Tag Archives: social

When does fucking the system cross over?

Is it better to be Stephen Cooper, and steal your money in obfuscated, technically legal ways hidden behind corporate espionage and litigation? Or D.B. Cooper, who hijacked a plane, extorted hundred of thousands, and leapt into the sky with a parachute and much badassery, never to be seen again? When does fucking the system cross over from skullduggery to douchebaggery?

This debate can be seen on the political stage between left and right, and even within the debates for the GOP nomination. More and more, the elite are attempting to distance themselves from their unpopular corporatist takeover, while still retaining their record-level greed and avarice. Within the movements of the left, the debate rages on protest methodology and ethics. Many hacktivists are ready to embrace the Robin Hood image, while others simply fight for privacy and liberty, others greedily attempt to get rich as unethically as big banking cheats, and others still just want to watch the world burn. Clearly, written in the faces of the police who clash with protestors, the conflict is very real and very painful. Most of us (except for wealthy policy-making plutocrats) did not have much choice in our positions, socio-economically, politically, or in some cases perhaps even ethically.

Guy DeBord’s Situationalism (which I have studied for years… on Wikipedia) tells us that each generation is in a futile cycle, in which is rises up against the entrenched dominant patriarchy, reclaiming their language and symbols as their own in the social battle, eventually doomed to grow up and become what they hate, usurping and claiming the language and symbols of the young in their corporatist regime. We saw some social, sexual, secular and popular culture advantages to DeBord’s revolution of the 1960’s, but many of those counterculture types sold out and got white-collar jobs, and many of their progressively populist politicians now accept tremendous bribes. Hey, if you can’t beat ’em, join ’em, as the old saying goes. This is also known in tropes as ‘the Bad Guys Won.”

And how well do you have to know thine enemy, before you become what you hate most. “We’re not so different, you and I.

Maximilien François Marie Isidore de Robespierre was a French Revolutionary, a capable articulator of the beliefs of the left-wing bourgeoisie. He was described as being physically unimposing yet immaculate in attire and personal manners. His supporters called him “The Incorruptible”, and although originally inspired by liberal Enlightenment ideals, his adversaries called him dictateur sanguinaire (bloodthirsty dictator). He was instrumental in the implementation of the Reign of Terror, which ultimately ended with his arrest and execution in 1794.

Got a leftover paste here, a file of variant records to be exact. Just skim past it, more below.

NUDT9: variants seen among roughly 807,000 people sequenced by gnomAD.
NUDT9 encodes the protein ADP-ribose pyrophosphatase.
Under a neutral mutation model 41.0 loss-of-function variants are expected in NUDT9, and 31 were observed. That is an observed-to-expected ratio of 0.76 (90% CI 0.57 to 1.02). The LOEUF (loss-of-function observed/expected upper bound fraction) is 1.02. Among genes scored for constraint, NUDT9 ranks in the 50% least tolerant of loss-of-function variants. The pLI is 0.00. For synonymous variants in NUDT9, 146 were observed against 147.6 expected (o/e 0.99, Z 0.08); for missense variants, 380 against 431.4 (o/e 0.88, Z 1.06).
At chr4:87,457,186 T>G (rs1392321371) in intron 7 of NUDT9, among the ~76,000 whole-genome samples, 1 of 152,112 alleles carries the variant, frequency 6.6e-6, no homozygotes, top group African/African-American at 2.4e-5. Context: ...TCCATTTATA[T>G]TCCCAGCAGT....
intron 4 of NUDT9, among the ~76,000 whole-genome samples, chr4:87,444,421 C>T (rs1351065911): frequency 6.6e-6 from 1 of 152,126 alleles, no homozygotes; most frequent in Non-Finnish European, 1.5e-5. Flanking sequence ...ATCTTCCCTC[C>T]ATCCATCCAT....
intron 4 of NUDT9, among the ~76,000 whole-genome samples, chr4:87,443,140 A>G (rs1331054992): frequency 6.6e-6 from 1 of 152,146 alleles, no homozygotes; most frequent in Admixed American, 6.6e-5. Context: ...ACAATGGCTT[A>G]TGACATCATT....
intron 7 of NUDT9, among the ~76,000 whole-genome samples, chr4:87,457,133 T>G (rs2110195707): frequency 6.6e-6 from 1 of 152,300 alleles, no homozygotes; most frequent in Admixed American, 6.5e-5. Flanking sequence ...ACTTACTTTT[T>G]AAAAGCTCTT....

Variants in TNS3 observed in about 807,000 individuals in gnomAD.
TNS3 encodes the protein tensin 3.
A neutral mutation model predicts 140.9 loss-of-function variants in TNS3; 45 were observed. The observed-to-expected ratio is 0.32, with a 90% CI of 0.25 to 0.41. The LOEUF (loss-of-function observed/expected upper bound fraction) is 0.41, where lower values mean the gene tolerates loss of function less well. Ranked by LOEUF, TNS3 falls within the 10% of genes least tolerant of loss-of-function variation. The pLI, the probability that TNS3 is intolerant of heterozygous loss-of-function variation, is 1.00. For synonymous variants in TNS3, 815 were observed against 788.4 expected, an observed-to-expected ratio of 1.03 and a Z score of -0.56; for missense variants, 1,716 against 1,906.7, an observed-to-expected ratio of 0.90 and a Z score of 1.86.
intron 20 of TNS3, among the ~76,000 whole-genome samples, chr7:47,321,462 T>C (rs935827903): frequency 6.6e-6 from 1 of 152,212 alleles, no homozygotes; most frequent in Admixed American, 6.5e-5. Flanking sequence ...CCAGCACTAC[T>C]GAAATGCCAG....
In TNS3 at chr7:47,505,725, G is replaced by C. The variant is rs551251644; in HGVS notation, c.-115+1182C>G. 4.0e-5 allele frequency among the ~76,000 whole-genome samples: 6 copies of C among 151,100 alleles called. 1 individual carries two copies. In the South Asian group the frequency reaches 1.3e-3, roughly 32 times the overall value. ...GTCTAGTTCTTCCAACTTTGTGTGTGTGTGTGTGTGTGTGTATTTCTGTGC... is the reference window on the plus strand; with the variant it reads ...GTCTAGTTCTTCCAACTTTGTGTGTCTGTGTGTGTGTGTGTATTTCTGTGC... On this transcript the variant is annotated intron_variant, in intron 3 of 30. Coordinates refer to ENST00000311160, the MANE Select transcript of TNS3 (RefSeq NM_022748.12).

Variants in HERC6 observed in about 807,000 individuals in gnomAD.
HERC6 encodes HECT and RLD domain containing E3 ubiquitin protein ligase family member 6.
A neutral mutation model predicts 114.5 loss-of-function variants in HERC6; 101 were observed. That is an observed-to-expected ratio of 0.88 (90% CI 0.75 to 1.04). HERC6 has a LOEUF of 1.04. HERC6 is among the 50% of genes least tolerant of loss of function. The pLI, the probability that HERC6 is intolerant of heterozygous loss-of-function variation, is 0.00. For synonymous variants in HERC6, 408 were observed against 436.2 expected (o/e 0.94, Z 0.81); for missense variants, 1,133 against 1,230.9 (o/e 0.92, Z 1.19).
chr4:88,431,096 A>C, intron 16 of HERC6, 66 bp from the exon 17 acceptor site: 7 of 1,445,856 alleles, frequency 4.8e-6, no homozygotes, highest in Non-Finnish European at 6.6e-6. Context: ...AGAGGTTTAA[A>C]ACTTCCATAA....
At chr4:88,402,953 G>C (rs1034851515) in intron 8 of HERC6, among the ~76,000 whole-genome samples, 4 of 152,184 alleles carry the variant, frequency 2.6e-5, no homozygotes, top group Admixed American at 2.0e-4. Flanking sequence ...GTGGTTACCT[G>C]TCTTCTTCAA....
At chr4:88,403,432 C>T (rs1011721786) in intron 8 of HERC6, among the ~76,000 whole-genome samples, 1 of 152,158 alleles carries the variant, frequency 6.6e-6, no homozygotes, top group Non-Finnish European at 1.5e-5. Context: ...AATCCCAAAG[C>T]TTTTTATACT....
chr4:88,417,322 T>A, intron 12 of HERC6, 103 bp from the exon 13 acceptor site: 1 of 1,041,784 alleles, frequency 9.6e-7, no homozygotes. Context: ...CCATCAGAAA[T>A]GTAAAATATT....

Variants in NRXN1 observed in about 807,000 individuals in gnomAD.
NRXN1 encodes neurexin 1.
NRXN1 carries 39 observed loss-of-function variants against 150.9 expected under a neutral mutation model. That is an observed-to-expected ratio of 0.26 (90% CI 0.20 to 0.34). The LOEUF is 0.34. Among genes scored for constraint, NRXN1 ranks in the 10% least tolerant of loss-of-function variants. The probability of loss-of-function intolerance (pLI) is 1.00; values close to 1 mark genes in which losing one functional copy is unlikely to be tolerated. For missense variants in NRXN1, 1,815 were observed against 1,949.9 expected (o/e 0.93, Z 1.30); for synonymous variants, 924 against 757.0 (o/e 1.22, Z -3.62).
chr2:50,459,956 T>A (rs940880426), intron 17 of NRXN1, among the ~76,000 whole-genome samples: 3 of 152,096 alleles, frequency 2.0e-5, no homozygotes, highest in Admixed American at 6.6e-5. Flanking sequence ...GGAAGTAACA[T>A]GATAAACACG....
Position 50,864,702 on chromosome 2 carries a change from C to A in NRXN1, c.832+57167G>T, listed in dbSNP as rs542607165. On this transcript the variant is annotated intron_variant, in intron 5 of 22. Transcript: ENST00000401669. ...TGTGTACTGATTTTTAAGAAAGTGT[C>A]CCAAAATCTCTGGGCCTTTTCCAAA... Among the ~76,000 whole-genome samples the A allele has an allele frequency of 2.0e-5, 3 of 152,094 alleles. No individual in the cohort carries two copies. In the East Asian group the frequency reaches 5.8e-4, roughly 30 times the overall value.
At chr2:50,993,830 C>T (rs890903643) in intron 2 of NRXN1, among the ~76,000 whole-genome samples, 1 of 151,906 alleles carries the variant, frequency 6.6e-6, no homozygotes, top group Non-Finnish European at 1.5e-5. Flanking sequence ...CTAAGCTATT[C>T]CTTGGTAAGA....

The Republicans are already writing their history books referring to the Occupy movement as “a bunch of goddamned chumps.” When I call back East and South to my conservative friends and family for the holidays, I discover a range of opinions and ‘facts’* ** mostly absorbed from FOX “News” and Glenn Beck. According to them, the “99%” is an unnecessarily divisive scheme of class warfare. Occupiers are lazy, unemployed, and probably on the take. Unemployed people just chose to be. They think that ten percent of the country would rather be on food stamps than find gainful unemployment. The Occupy movement has no clear message, and Anonymous are more than likely terrorists. Their criticisms (legit, illegit, and 2 legit 2 quit), can be easily countered with a few minutes of internet research, or by the shifting focus of Occupations around the country and globe to focus on and vocalize specific issues of economic injustice and income inequality. They are not, despite the false rhetoric, socialists and anarchists, though a radically inclusive movement is bound to have those, as well as gang members and hacktivists. The majority are people who have been disenfranchised both financially and emotionally from the democratic process, at a rate equally proportionate to the eroding of our democracy by corporate lobbying and tax fraud politicians. Many of their key themes, like it or not, are in keeping with the populist Tea Party movement. Occupy has singled out targets of protest, and Anonymous has clearly been keeping a list of individuals and organizations for cyber attack.